Monday, June 6, 2011

Stone Poetry- Assisting Writers to Build Vocabulary and Text Structure Knowledge

I recently read a newspaper account of an approach to poetry using Lego blocks used by Daniel Donahoo that was highlighted at the Emerging Writers Festival in Melbourne. Donahoo glued words to individual Lego pieces and then constructed shapes that served as 3D poetry. The poetry created is both a literate and visual art form. Donahoo photographs each word sculpture and then posts to various internet sites and venues around town. Donahoo’s first experiment with Lego poetry was to print out the words to Lewis Carroll’s ‘Jabberwocky’ and stick them on Lego blocks assembled into the shape of a large dragon like creature. As I read this, I wondered where I could take the idea of three-dimensional poetry…
I settled on using washed stones and combining them with the deconstruction of original poetry pieces. Because I chose to work with stones, I decided to choose short pieces of verse. Imagine working with John Milton’s ‘Paradise Lost,’ you would need a truck load of gravel!

A search through my poetry collection unearthed Charlotte Zolotow’s delightful books of short poems, ‘Seasons.’ I selected ‘My Shadow’ a poem containing a mere twenty words. I then wrote each word on a separate stone with a permanent marker. Following this, I presented the stones in a container and trialled them on a willing participant.-In this instance, my wife and colleague, Vicki. The aim of the exercise was to use as many of the words as possible to create a poem. You are faced with using only the words that are available, -and using them to guide your word creation.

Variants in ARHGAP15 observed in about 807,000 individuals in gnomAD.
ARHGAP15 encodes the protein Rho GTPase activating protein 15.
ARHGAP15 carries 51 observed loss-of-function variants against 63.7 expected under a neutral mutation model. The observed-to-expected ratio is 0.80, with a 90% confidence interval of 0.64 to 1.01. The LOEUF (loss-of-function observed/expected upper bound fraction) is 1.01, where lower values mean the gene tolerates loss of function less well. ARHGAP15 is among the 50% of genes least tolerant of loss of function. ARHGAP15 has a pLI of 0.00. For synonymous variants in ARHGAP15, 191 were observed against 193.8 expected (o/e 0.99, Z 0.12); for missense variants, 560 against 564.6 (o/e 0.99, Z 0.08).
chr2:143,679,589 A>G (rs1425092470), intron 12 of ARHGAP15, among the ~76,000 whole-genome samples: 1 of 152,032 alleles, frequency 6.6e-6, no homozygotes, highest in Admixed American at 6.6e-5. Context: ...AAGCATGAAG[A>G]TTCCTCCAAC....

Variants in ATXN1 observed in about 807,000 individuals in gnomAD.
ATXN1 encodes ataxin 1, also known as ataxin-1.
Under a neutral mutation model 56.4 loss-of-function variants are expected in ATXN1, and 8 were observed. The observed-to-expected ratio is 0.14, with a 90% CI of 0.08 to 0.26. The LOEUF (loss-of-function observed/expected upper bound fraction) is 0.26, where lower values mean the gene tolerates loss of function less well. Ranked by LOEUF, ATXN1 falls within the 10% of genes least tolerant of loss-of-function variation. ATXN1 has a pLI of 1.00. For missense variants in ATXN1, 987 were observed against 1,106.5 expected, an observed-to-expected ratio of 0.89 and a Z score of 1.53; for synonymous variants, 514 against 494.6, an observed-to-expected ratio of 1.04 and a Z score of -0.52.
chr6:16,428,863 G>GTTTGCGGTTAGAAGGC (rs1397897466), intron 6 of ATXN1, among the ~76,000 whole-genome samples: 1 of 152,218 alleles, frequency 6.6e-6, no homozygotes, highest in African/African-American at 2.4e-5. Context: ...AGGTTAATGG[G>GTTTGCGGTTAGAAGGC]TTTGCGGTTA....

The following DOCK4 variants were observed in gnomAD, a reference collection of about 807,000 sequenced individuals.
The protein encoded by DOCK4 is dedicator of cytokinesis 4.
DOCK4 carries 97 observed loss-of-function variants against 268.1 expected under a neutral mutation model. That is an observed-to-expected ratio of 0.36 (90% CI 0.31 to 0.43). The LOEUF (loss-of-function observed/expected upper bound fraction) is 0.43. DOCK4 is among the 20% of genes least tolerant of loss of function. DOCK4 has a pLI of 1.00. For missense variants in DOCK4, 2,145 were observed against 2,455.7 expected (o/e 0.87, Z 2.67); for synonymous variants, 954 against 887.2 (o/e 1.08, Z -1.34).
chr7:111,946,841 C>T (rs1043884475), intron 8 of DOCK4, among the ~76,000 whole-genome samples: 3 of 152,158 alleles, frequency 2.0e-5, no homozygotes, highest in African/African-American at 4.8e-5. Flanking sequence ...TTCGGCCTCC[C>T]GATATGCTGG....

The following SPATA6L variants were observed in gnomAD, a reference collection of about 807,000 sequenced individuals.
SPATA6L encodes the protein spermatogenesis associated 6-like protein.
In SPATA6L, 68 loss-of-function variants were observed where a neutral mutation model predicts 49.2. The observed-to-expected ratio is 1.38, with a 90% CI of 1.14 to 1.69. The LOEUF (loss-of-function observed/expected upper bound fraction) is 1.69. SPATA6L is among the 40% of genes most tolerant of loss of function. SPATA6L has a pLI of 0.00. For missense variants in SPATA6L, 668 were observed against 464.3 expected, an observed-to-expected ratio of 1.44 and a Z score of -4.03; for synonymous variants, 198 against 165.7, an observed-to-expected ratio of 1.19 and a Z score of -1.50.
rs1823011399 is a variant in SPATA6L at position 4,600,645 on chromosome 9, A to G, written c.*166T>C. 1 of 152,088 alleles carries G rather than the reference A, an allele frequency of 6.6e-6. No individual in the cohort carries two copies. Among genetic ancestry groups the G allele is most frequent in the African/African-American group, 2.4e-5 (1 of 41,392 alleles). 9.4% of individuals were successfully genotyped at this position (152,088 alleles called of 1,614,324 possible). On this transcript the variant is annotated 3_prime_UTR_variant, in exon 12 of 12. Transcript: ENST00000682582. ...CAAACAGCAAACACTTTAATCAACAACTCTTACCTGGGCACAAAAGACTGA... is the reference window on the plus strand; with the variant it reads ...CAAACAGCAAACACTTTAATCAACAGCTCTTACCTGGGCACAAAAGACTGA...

The stone poet works to create an original poem, using their own line breaks and as many pieces as they see fit. It also challenges the ‘writer’ to consider language construction when juxtaposing the words available. The economy of words one associates with poetry is emphasized in the task. The fact that opportunities for a range of student responses is possible, adds to the open ended nature of the task. Every participant is able to experience a measure of success.

Following the creation of the poem, Vicki was curious to view the original and compare the two pieces. Both of us see potential for extending the vocabulary of students in this exercise as well.

Working with second language learners was a further motivation for pursuing this type of activity as it emphasizes text structure and encourages vocabulary development.

If you try this, I would be pleased to hear how it went…



1 comment:

  1. I love this idea! Will share it with teachers at my school who will be doing poetry next terms with Grade 4 kids.

    ReplyDelete